Northern Irish court allows judicial review into decision to prosecute woman under abortion ban

Women in Northern Ireland face up to life in prison for having an abortion

Siobhan Fenton
Social Affairs Correspondent
Thursday 26 January 2017 13:46
Comments
A pro-choice protest in Belfast in April 2016
A pro-choice protest in Belfast in April 2016

A Belfast court has granted leave for a judicial review into the decision of the public prosecution service to prosecute a woman under the abortion ban.

Unlike the rest of the UK, the 1967 Abortion Act does not apply in Northern Ireland. It is a criminal offence to have an abortion there, even if a woman conceives as a result of rape or incest, or in the event of fatal foetal abnormality.

A number of woman have faced prosecution for breaking the ban within the last year.

The court has granted leave to review a case in which a woman has been charged with helping her teenage daughter to access abortion pills in order to perform a termination.

The woman was arrested last year and is still awaiting trial.

In a statement, Grainne Teggart, Northern Ireland Campaign Manager of Amnesty International said: “We welcome the decision of the court to grant leave to challenge the decision to prosecute a mother for procuring abortion pills for her daughter – she is not a criminal, her daughter is not a criminal. Abortion is a healthcare and human rights issue and the law must stop treating Northern Ireland women who need abortions as criminals.

“It is wrong that the mother has been treated like a common criminal for attempting to help her daughter by sourcing medication, which is prescribed free on the NHS in every other part of the UK.

“This case highlights, yet again, that making abortion illegal does not stop women in Northern Ireland needing or seeking terminations. In the absence of a government and a legislature willing to deal with such matters, we once again look to the courts to remedy the wrongs created by our abortion laws.”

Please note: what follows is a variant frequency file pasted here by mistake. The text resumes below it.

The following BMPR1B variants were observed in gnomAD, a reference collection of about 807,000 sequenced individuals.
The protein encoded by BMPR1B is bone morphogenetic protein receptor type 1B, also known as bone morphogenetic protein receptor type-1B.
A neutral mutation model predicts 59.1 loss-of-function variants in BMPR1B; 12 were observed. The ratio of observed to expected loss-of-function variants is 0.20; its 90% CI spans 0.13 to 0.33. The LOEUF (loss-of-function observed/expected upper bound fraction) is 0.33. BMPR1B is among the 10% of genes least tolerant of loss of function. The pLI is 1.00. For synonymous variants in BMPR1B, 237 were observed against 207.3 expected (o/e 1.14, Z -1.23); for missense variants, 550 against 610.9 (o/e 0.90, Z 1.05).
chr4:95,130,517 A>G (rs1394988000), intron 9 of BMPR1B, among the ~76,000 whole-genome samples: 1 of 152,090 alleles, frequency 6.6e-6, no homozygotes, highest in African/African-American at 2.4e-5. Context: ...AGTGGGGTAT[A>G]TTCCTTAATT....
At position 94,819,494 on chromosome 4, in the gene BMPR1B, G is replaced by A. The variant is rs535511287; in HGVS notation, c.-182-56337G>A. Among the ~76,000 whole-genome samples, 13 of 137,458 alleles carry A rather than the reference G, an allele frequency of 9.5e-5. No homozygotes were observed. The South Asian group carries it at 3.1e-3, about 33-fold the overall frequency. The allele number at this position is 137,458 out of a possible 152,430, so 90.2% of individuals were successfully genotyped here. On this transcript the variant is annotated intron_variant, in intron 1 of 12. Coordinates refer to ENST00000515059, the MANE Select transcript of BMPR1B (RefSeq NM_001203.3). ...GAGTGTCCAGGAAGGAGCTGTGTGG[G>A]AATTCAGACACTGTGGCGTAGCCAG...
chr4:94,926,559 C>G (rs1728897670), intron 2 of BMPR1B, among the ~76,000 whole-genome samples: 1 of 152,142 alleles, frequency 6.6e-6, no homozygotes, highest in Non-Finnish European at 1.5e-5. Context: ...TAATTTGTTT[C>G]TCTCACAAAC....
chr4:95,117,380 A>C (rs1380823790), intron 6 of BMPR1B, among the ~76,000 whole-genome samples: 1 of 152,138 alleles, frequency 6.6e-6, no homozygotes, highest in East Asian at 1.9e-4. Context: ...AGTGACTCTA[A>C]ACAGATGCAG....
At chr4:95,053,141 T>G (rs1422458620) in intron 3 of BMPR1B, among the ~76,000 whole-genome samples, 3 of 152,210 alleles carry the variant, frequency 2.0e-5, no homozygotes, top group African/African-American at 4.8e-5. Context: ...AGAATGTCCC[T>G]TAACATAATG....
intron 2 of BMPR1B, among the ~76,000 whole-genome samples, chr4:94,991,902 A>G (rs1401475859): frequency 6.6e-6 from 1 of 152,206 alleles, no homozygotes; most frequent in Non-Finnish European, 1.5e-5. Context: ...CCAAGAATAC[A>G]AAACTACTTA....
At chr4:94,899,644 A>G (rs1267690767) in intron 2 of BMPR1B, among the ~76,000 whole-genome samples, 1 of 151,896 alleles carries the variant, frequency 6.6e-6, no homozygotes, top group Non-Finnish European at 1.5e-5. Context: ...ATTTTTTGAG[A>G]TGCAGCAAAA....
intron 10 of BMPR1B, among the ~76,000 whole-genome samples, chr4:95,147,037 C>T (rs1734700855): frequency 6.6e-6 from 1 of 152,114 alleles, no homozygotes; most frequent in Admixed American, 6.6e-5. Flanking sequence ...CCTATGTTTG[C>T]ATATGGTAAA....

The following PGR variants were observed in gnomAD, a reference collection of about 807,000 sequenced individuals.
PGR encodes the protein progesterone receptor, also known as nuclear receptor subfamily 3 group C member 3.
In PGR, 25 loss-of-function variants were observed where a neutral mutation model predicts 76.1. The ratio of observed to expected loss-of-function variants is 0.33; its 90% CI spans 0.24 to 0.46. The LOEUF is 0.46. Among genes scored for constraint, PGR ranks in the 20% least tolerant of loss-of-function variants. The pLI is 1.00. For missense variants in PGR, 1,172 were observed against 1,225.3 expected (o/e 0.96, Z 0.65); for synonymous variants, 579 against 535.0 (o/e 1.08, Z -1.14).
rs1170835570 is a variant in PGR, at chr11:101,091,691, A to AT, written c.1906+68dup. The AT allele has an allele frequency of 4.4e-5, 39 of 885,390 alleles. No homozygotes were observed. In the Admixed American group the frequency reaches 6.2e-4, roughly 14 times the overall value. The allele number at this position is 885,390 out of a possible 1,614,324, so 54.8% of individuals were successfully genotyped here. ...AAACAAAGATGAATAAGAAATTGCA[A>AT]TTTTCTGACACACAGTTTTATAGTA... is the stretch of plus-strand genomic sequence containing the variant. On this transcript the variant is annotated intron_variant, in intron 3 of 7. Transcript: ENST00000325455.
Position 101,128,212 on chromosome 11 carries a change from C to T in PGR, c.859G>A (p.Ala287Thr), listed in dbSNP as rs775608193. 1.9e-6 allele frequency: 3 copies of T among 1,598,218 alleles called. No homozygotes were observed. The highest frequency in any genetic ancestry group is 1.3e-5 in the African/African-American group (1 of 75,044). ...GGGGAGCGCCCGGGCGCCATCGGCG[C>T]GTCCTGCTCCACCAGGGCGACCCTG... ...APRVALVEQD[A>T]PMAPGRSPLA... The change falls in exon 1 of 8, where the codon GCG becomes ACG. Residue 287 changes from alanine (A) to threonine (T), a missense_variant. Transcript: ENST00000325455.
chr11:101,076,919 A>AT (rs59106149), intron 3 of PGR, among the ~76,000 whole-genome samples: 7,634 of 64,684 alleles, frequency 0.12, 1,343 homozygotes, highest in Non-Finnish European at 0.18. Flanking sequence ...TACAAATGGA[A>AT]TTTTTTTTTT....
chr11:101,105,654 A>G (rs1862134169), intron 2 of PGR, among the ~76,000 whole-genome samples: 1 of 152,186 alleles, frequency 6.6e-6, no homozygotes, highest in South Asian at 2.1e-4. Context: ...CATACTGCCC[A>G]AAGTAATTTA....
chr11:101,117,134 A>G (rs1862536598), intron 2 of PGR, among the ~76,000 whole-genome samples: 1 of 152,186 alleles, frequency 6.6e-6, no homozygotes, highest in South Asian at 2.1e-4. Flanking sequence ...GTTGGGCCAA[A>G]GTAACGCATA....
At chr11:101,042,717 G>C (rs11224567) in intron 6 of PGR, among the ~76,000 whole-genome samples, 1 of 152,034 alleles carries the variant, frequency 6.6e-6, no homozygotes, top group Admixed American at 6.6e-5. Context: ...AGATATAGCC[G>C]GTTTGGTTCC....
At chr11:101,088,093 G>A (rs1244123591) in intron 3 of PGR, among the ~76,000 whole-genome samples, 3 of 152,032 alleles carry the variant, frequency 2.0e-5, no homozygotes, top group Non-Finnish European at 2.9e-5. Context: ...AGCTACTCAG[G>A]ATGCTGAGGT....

In April of last year a 21-year-old woman was convicted of committing an abortion and given a suspended sentence. The court was told she performed an abortion on herself at home when she was 19 and her flat mates found out and reported her to the police.

In November 2015, the Belfast High Court found Northern Ireland's abortion ban is a breach of international human rights law.

However, the Northern Ireland Assembly voted against a proposal to relax the ban.

Register for free to continue reading

Registration is a free and easy way to support our truly independent journalism

By registering, you will also enjoy limited access to Premium articles, exclusive newsletters, commenting, and virtual events with our leading journalists

Already have an account? sign in

By clicking ‘Register’ you confirm that your data has been entered correctly and you have read and agree to our Terms of use, Cookie policy and Privacy notice.

This site is protected by reCAPTCHA and the Google Privacy policy and Terms of service apply.

Join our new commenting forum

Join thought-provoking conversations, follow other Independent readers and see their replies

Comments

Thank you for registering

Please refresh the page or navigate to another page on the site to be automatically logged inPlease refresh your browser to be logged in